The European Commission has formally launched an antitrust investigation against Apple and book publishers Hachette Libre, Harper Collins, Simon & Schuster, Penguin and Holtzbrinck, the German owner of Macmillan. The commission is looking into the possibility that Apple conspired with these publishers to restrict competition in the e-book market in the European Union.
This isn't the first time Apple and the publishers have been targeted for alleged price fixing. The agency model, what the move is known as, is the subject of a class-action lawsuit was filed this summer, claiming that the group worked together to raise e-book prices.
As GigaOM notes, the investigation excludes Random House, Amazon and Google.
Read the entire press release below.
Brussels, 06 December 2011 - The European Commission has opened formal antitrust proceedings to investigate whether international publishers Hachette Livre (Lagardère Publishing, France), Harper Collins (News Corp., USA), Simon & Schuster (CBS Corp., USA), Penguin (Pearson Group, United Kingdom) and Verlagsgruppe Georg von Holzbrinck (owner of inter alia Macmillan, Germany) have, possibly with the help of Apple, engaged in anti-competitive practices affecting the sale of e-books in the European Economic Area (EEA)1, in breach of EU antitrust rules. The opening of proceedings means that the Commission will treat the case as a matter of priority. It does not prejudge the outcome of the investigation.
The Commission will in particular investigate whether these publishing groups and Apple have engaged in illegal agreements or practices that would have the object or the effect of restricting competition in the EU or in the EEA. The Commission is also examining the character and terms of the agency agreements entered into by the above named five publishers and retailers for the sale of e-books. The Commission has concerns, that these practices may breach EU antitrust rules that prohibit cartels and restrictive business practices (Article 101 of the Treaty on the Functioning of the European Union – TFEU).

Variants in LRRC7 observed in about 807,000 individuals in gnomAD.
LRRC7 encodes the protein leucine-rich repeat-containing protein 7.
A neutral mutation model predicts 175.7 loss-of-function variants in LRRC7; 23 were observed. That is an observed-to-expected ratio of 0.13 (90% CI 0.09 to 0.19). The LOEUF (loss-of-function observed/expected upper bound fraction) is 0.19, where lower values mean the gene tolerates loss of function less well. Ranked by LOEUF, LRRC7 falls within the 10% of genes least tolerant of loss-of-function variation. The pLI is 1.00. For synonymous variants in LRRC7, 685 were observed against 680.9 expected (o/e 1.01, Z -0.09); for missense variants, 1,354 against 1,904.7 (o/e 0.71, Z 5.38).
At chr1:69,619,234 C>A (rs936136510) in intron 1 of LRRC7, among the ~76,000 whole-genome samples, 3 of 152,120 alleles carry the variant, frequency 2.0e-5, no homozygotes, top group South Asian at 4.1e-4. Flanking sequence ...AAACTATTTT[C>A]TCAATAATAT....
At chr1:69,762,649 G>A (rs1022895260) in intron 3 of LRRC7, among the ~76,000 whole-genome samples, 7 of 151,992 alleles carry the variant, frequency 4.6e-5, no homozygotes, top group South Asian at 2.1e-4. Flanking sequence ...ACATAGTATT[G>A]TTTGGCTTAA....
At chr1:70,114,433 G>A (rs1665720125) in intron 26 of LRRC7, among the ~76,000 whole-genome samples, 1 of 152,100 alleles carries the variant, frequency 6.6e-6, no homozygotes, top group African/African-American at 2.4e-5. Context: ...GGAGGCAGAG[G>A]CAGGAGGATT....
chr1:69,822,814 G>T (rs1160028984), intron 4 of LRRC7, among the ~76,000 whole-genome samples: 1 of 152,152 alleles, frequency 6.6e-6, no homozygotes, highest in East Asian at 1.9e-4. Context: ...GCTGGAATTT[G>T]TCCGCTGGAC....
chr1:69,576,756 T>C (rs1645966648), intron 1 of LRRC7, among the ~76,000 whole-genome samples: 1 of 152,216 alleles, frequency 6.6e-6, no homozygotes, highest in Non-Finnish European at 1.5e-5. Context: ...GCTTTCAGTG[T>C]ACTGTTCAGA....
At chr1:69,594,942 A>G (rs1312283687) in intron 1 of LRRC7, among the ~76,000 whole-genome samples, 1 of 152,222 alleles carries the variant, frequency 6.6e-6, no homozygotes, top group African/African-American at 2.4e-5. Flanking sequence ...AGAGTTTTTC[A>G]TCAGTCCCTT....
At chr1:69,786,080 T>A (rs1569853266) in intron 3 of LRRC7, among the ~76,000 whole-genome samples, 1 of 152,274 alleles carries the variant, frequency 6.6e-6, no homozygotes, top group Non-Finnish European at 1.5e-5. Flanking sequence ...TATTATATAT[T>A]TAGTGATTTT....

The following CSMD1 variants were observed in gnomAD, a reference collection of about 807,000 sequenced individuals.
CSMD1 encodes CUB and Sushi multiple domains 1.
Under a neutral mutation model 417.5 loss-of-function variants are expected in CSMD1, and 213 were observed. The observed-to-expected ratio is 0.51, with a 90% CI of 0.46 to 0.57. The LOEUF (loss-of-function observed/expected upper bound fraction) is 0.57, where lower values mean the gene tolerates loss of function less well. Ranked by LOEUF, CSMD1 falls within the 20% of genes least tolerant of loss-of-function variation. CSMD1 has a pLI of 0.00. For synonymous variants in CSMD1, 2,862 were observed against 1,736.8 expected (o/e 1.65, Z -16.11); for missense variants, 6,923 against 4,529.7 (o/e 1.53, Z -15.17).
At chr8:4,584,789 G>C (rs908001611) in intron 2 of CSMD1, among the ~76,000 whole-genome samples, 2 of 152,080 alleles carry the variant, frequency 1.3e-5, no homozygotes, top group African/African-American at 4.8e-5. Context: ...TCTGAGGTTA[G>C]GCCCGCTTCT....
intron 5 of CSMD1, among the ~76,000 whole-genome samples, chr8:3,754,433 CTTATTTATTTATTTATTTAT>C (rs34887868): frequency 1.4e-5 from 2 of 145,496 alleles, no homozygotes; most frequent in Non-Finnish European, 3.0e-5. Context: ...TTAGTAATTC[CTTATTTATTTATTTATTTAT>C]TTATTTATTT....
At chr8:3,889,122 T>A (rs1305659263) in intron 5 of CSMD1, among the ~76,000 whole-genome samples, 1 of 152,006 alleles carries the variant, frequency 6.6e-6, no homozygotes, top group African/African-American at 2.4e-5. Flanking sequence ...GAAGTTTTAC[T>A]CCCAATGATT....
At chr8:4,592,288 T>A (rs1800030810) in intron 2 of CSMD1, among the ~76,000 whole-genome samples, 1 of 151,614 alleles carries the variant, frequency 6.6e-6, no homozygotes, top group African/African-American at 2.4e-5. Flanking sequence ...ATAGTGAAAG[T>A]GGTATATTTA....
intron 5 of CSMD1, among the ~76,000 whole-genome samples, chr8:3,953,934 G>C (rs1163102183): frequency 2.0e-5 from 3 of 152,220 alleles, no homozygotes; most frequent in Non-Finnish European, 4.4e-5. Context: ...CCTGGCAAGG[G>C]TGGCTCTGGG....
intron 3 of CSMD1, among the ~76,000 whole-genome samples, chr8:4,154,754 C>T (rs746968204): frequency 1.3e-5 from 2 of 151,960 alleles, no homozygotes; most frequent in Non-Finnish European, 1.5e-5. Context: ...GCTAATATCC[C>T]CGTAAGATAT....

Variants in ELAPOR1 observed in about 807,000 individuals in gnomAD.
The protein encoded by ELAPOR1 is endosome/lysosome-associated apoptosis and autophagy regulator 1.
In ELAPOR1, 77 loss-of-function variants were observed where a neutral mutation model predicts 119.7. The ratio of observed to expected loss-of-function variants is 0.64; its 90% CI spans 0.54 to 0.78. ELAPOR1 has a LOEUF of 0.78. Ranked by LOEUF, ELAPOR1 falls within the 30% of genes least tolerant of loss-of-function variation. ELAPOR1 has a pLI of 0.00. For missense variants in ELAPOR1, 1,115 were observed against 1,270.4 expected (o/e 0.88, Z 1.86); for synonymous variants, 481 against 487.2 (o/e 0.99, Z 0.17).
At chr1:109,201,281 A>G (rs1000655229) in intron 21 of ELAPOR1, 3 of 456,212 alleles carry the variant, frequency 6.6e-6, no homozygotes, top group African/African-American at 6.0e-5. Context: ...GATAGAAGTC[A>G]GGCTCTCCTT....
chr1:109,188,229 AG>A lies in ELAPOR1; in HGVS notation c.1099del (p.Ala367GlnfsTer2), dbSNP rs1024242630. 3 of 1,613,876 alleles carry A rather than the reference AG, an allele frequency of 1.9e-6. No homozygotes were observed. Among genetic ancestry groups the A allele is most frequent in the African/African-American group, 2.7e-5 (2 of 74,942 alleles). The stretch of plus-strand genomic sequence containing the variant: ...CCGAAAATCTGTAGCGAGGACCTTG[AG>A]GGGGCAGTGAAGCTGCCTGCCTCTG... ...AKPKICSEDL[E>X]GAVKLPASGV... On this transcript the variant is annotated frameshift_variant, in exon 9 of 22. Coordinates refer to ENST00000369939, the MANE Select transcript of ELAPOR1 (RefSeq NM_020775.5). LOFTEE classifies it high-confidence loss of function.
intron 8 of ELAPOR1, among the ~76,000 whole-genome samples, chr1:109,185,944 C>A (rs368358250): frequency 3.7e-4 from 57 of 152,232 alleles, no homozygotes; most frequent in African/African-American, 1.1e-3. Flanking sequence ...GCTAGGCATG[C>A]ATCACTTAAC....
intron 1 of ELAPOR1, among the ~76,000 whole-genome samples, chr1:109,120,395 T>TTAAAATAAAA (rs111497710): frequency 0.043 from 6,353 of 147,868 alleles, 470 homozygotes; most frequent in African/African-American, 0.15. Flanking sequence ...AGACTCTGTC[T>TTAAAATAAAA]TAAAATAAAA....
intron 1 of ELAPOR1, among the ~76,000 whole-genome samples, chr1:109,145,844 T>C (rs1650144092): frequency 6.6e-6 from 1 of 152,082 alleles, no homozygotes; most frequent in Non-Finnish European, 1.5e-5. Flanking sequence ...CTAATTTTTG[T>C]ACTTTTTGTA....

The duration of antitrust investigations depends on a number of factors, including the complexity of each case, the extent to which the undertakings concerned cooperate with the Commission and the exercise of the rights of defence.
Background on the ebooks investigation
In March 2011, the Commission carried out unannounced inspections at the premises of several companies active in the e-book publishing sector in several Member States (see MEMO/11/126).
To date, the Commission and the UK Office of Fair Trading have investigated in parallel and in close cooperation whether arrangements for the sale of e-books may breach competition rules. Before the Commission opened formal proceedings, the OFT had closed its investigation on grounds of administrative priority. The OFT has made a substantial contribution to the ebooks investigation and will continue to co-operate closely with the Commission going forward.
Background on antitrust investigations
Article 101 of the TFEU prohibits agreements and concerted practices which may affect trade and prevent or restrict competition. The implementation of this provision is defined in the Antitrust Regulation (Council Regulation No 1/2003) which can be applied by the Commission and by the national competition authorities of EU Member States.
The legal base for the Commission's opening of formal proceedings is Article 11(6) of the Antitrust Regulation (Council Regulation No 1/2003).
Article 11(6) of the Antitrust Regulation provides that the initiation of proceedings by the Commission relieves the competition authorities of the Member States of their competence to also apply EU competition rules to the practices concerned. Article 16(1) further provides that national courts must avoid giving decisions, which would conflict with a decision contemplated by the Commission in proceedings that it has initiated.
The Commission has informed the companies and the competition authorities of the Member States that it has opened proceedings in this case.